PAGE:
Some weeks ago, I worked on a containerized log server based on Elastic Search and Kibana. The first goal is to be able to deploy a log server in a couple of minutes. In my last posts, we succeed to create and deploy this log server in Azure Virtual Machine, persisting logs in an Azure File Share.

Before to continue to read this blog post, a previous blog post explains how we built and deploy the log server in a local environment.

 

IaaS hosting

IaaS hosting is working well of course. We have full control on the host machine and we just have to log in on the remote machine to manage containers and debug if necessary. However, a PaaS or Serverless solution would be easier to manage and it would be a better solution to be able to scale out.

Our log server is based on Docker, in Azure 4 services are able to host Docker Container without managing the infrastructure: Azure App Service, Azure Container Instance, Azure Kubernetes Service, and Azure Service Fabric Mesh. In article this article we are going to focus on docker image management in Azure. In two future articles, we will explore how to on run our log server in serverless services: Azure Service Fabric Mesh (ASFM) and Azure Container Instances (ACI).

 

ASFM and ACI common deployment workflow

To publish containers in ASFM and ACI, the deployment workflow is quite identical. We need first to push Docker images in a Docker Registry and then reference images in an ARM template which will be responsible to create the containers in the target Azure Service. ARM templates will be different targeting ASFM and ACI because different Azure resources will be deploy.

 

Store Docker images in an Azure Container Registry (ACR)

ACR is a managed Docker registry in Azure. It basically does the same job that every Docker registry: store and deliver Docker images. However it’s an Azure Resources, so we can take advantage of controlling its access using RBAC and some additional features like geo-replication using the premium pricing tier. Here is the documentation.

 

Create the ACR instance

We can create an ACR using Azure CLI, more exactly using the az acr create command. The following script is creating a resource group with an ACR instance :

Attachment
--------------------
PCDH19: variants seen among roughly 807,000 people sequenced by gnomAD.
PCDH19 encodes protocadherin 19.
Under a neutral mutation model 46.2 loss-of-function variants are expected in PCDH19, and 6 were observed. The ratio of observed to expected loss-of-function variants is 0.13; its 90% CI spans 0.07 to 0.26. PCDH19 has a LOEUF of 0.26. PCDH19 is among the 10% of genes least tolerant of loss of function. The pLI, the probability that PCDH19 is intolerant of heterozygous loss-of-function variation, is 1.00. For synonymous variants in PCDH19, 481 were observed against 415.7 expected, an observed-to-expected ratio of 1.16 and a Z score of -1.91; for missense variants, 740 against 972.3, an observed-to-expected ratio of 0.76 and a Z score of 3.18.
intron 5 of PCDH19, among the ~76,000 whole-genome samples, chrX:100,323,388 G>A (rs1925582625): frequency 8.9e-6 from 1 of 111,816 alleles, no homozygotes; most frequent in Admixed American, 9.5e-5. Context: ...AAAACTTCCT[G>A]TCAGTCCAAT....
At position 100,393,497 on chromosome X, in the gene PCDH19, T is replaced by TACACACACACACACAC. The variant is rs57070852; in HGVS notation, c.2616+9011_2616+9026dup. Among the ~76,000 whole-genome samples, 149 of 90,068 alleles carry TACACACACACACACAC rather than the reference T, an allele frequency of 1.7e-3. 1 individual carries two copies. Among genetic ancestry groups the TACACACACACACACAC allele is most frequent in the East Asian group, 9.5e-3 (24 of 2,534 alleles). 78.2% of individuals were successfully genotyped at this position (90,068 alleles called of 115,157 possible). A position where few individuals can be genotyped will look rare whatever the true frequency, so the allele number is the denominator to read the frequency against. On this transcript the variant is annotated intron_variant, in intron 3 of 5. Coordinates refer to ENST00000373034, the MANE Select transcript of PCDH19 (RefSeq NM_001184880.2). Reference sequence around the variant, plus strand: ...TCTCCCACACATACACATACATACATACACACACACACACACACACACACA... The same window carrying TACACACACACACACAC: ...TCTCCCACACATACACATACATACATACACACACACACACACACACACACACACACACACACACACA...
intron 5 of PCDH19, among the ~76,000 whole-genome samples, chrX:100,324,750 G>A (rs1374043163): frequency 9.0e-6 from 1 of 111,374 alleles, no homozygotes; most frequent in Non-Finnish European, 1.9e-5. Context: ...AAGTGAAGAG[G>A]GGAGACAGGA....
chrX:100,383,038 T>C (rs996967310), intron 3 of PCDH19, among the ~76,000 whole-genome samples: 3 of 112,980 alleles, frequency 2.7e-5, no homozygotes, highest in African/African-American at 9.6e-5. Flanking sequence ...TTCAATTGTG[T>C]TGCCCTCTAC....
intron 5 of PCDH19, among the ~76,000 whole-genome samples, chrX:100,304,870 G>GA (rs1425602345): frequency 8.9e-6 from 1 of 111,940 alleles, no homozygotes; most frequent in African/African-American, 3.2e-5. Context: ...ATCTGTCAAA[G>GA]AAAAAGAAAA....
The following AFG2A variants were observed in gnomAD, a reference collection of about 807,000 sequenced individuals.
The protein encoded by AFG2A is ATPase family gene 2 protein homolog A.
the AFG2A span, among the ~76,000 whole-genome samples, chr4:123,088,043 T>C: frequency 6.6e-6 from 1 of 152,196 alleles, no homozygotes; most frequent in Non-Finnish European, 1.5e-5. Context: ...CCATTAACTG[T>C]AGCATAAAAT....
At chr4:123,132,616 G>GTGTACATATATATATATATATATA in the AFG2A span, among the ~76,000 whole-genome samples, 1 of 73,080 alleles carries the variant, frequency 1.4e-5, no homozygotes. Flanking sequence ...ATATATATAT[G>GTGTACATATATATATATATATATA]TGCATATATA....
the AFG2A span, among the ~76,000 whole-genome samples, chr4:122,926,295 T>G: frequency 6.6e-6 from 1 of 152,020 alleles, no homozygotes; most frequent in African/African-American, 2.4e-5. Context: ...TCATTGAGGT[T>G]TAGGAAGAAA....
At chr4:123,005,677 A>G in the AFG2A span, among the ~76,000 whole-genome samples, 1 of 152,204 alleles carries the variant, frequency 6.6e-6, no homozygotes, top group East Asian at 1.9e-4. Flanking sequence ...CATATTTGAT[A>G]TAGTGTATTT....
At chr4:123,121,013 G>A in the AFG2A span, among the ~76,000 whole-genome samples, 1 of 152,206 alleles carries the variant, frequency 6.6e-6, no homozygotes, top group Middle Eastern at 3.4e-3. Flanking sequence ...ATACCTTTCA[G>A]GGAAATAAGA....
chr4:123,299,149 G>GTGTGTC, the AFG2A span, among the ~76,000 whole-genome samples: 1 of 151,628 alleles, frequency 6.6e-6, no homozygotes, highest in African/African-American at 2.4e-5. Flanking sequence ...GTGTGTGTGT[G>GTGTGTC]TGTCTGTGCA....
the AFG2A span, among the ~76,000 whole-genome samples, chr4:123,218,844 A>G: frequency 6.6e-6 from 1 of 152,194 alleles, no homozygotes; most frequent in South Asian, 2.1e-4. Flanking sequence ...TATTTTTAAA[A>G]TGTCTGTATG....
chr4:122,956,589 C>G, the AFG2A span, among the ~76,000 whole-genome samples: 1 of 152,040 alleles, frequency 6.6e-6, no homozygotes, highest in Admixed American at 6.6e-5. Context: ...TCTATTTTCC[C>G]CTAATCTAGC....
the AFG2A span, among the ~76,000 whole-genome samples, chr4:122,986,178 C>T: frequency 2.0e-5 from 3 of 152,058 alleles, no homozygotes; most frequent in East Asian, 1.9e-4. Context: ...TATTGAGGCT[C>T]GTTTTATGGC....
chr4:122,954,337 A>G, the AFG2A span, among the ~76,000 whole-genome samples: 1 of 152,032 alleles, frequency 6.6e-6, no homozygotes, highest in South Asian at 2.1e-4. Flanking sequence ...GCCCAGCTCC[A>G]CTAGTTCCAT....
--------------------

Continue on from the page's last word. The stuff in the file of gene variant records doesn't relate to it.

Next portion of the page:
$resourceGroupName = ''
$acrName = ''

az group create -n $resourceGroupName -l westeurope
az acr create -g $resourceGroupName -n $acrName --sku Basic --admin-enabled

With the acr create command, we use the basic SKU. The flag –admin-enabled create an admin account that we will use to get connected to the ACR instance using the docker cli login command.

 

On the Azure Portal we can retrieve the username and the password of this admin account:

In this screenshot we can see the admin-account credentials of my registry named traniseRegistry.

 

Push local Docker images to ACR

It’s time to publish our local Docker images in the ACR instance. In my github repository we can find the container definitions for Nginx, Kibana and Elastic Search. In the “serverless” folder in the repo we can find another folder named “log_server” which contains a folder per container. We have to build the Docker image for each container and push them in ACR.

 

To push a Docker image in an ACR instance, we first need to login to the instance using the Docker cli and the login command (the “username” and the “password” checked in the previous part will be useful!):

docker login traniseregistry.azurecr.io

 

We have 3 folders, for each we need to do the following steps:

  1. Build the Docker image
  2. Tag the image targeting the remote registry
  3. Push the image in the remote store

 

First and second steps can be gathered with the docker build command and the –tag parameter.

docker build –t {registryuri}/{repositoryname}:{tag} .

With the –t parameter, we specify the registry url, the repository name and the tag for the current image. With the “point”, we tell to the CLI to use the Dockerfile stored in the current folder.

 

Once the image is built, we can use the docker push command using the tag we just created:

docker push {registryuri}/{repositoryname}:{tag}

 

For example, if I go in the kibana folder, I will use those two command lines:

docker build -t traniseregistry.azurecr.io/es_kibana:dev .
docker push traniseregistry.azurecr.io/es_kibana:dev

 

In the elasticsearch folder:

docker build -t traniseregistry.azurecr.io/es_elasticsearch:dev .
docker push traniseregistry.azurecr.io/es_elasticsearch:dev

 

Finaly, in the nginx folder :

docker build -t traniseregistry.azurecr.io/es_proxy:dev .
docker push traniseregistry.azurecr.io/es_proxy:dev

 

3 repositories will be created in the registry, here is a screenshot of my registry:

Each target images got the “dev” tag, they are now accessible using following paths:

  • traniseregistry.azurecr.io/es_elasticsearch:dev
  • traniseregistry.azurecr.io/es_kibana:dev
  • traniseregistry.azurecr.io/es_proxy:dev

 

Now that images are stored in an ACR instance, we can easily use them from ARM templates to deploy our log server in ACI or ASFM. We will discover first how to use service fabric mesh in the next article.

Happy coding 🙂


Hosting an Elastic Search log server in a serverless Architecture – Azure Service Fabric Mesh Create a log engine using Docker, Elastic Search, Kibana and Nginx – Azure IaaS Hosting (part 2)

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